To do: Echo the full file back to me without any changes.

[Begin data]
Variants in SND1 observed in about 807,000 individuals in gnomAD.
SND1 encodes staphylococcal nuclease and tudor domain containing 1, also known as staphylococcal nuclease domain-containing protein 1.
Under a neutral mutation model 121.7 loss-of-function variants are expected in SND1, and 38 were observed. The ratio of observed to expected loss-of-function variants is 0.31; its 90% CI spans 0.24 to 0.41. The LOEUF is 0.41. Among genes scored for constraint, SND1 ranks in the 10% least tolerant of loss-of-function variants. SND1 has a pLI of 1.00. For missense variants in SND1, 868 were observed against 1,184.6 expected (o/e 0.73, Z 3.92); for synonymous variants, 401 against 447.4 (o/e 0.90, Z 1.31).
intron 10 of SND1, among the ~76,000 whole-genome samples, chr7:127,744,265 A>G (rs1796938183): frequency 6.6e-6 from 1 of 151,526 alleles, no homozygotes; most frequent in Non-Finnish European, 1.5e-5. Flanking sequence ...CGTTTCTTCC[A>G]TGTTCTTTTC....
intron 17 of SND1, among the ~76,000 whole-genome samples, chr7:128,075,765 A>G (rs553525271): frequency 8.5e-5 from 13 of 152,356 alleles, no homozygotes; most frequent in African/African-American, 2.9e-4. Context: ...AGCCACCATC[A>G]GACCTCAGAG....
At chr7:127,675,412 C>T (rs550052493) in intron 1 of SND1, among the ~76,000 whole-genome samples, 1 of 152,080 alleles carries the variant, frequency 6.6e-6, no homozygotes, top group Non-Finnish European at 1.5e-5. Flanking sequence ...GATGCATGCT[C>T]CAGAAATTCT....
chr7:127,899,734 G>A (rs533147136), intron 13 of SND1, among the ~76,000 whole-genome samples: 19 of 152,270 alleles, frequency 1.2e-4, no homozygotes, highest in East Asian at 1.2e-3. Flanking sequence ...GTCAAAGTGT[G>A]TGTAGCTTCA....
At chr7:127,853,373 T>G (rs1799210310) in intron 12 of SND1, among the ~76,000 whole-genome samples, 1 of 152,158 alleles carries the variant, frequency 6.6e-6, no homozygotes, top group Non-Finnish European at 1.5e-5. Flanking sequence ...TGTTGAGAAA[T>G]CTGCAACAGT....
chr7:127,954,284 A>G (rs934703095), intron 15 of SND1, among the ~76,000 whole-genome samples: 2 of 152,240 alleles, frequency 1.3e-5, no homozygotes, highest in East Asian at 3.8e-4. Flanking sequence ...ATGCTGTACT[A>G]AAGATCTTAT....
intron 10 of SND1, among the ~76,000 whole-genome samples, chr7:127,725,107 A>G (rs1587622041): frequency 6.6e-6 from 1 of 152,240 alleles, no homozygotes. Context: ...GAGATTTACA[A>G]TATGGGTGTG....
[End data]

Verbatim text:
Variants in SND1 observed in about 807,000 individuals in gnomAD.
SND1 encodes staphylococcal nuclease and tudor domain containing 1, also known as staphylococcal nuclease domain-containing protein 1.
Under a neutral mutation model 121.7 loss-of-function variants are expected in SND1, and 38 were observed. The ratio of observed to expected loss-of-function variants is 0.31; its 90% CI spans 0.24 to 0.41. The LOEUF is 0.41. Among genes scored for constraint, SND1 ranks in the 10% least tolerant of loss-of-function variants. SND1 has a pLI of 1.00. For missense variants in SND1, 868 were observed against 1,184.6 expected (o/e 0.73, Z 3.92); for synonymous variants, 401 against 447.4 (o/e 0.90, Z 1.31).
intron 10 of SND1, among the ~76,000 whole-genome samples, chr7:127,744,265 A>G (rs1796938183): frequency 6.6e-6 from 1 of 151,526 alleles, no homozygotes; most frequent in Non-Finnish European, 1.5e-5. Flanking sequence ...CGTTTCTTCC[A>G]TGTTCTTTTC....
intron 17 of SND1, among the ~76,000 whole-genome samples, chr7:128,075,765 A>G (rs553525271): frequency 8.5e-5 from 13 of 152,356 alleles, no homozygotes; most frequent in African/African-American, 2.9e-4. Context: ...AGCCACCATC[A>G]GACCTCAGAG....
At chr7:127,675,412 C>T (rs550052493) in intron 1 of SND1, among the ~76,000 whole-genome samples, 1 of 152,080 alleles carries the variant, frequency 6.6e-6, no homozygotes, top group Non-Finnish European at 1.5e-5. Flanking sequence ...GATGCATGCT[C>T]CAGAAATTCT....
chr7:127,899,734 G>A (rs533147136), intron 13 of SND1, among the ~76,000 whole-genome samples: 19 of 152,270 alleles, frequency 1.2e-4, no homozygotes, highest in East Asian at 1.2e-3. Flanking sequence ...GTCAAAGTGT[G>A]TGTAGCTTCA....
At chr7:127,853,373 T>G (rs1799210310) in intron 12 of SND1, among the ~76,000 whole-genome samples, 1 of 152,158 alleles carries the variant, frequency 6.6e-6, no homozygotes, top group Non-Finnish European at 1.5e-5. Flanking sequence ...TGTTGAGAAA[T>G]CTGCAACAGT....
chr7:127,954,284 A>G (rs934703095), intron 15 of SND1, among the ~76,000 whole-genome samples: 2 of 152,240 alleles, frequency 1.3e-5, no homozygotes, highest in East Asian at 3.8e-4. Flanking sequence ...ATGCTGTACT[A>G]AAGATCTTAT....
intron 10 of SND1, among the ~76,000 whole-genome samples, chr7:127,725,107 A>G (rs1587622041): frequency 6.6e-6 from 1 of 152,240 alleles, no homozygotes. Context: ...GAGATTTACA[A>G]TATGGGTGTG....